YouTube CEO Susan Wojcicki expressed regret to the LGBTQ community in the wake of the company’s lack of success to take more conclusive steps against conservative pundit Steven Crowder’s channel.
On 10th June, at the Code Conference in Scottsdale, AZ, Wojcicki stated that she knows that the verdict they made was very distressing to the LGBTQ community and it wasn’t the social platform’s intent at all. She is very sorry about the whole thing and she would look forward to explain why the company took such a decision.
Wojcicki’s comments came after Carlos Maza tweeted a video collection of Crowder making homophobic comments about Maza, who is the host of an American news and opinion website. Comment included calling him a “lispy queer.” YouTube retorted about the situation via Twitter, stating that, even though the company didn’t hold the same opinion with the statements Crowder made, his content didn’t breached the company’s policies. The decision led to mass uproar from YouTube creators, critics, and even employees at Google who endorsed a petition against YouTube’s decision.
“Are you really sorry for anything that happened to the LGBTQ community? Or are you just sorry they were offended?”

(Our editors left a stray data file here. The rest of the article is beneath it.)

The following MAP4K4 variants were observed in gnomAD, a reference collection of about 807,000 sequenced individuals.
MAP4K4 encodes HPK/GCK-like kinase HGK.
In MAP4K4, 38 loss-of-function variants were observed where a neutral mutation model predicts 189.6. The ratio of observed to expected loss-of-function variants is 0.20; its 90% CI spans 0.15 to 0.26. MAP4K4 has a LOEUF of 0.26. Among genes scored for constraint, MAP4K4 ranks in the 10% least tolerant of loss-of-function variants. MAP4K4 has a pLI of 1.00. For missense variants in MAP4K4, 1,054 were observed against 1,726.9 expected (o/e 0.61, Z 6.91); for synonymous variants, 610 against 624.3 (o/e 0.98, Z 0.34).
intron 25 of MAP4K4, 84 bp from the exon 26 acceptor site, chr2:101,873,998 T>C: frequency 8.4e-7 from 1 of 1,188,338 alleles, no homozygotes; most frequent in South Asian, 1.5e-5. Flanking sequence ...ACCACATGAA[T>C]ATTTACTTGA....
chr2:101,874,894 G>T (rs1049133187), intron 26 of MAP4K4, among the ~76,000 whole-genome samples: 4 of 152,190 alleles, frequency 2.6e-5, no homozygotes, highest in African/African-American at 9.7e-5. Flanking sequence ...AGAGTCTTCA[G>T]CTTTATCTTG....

— Recode (@Recode) June 10, 2019
Wojcicki was pressurized about her apology by Axios’ Ina Fried, who asked the CEO to further expand on her apology. She personally feels sorry. She added that YouTube is the home to many LGBTQ creators, and that’s why it was so heartbreaking. Even though it was a tough decision, it was harder that it came from them — because it was an important home. And even after this decision, they have so many people from the LGBTQ community. The social platform wanted to openly support this community.
According to the CEO, everything comes down to context; Wojcicki stated that context is crucial in deciding when to take steps against a channel. For example, rap videos and late night shows often contain words or content that could be considered dangerous. Contextually, those videos are superb. It’s the same defense that Crowder and his supporters, both creators and fans, have used.
Still, Wojcicki thinks they made the right judgment. The team riled out that Crowder’s content wasn’t suitable for monetization. You Tube’s team decided to stop running ads on Crowder’s channel. In the wake of the situation, YouTube is looking to re-evaluate its harassment policies.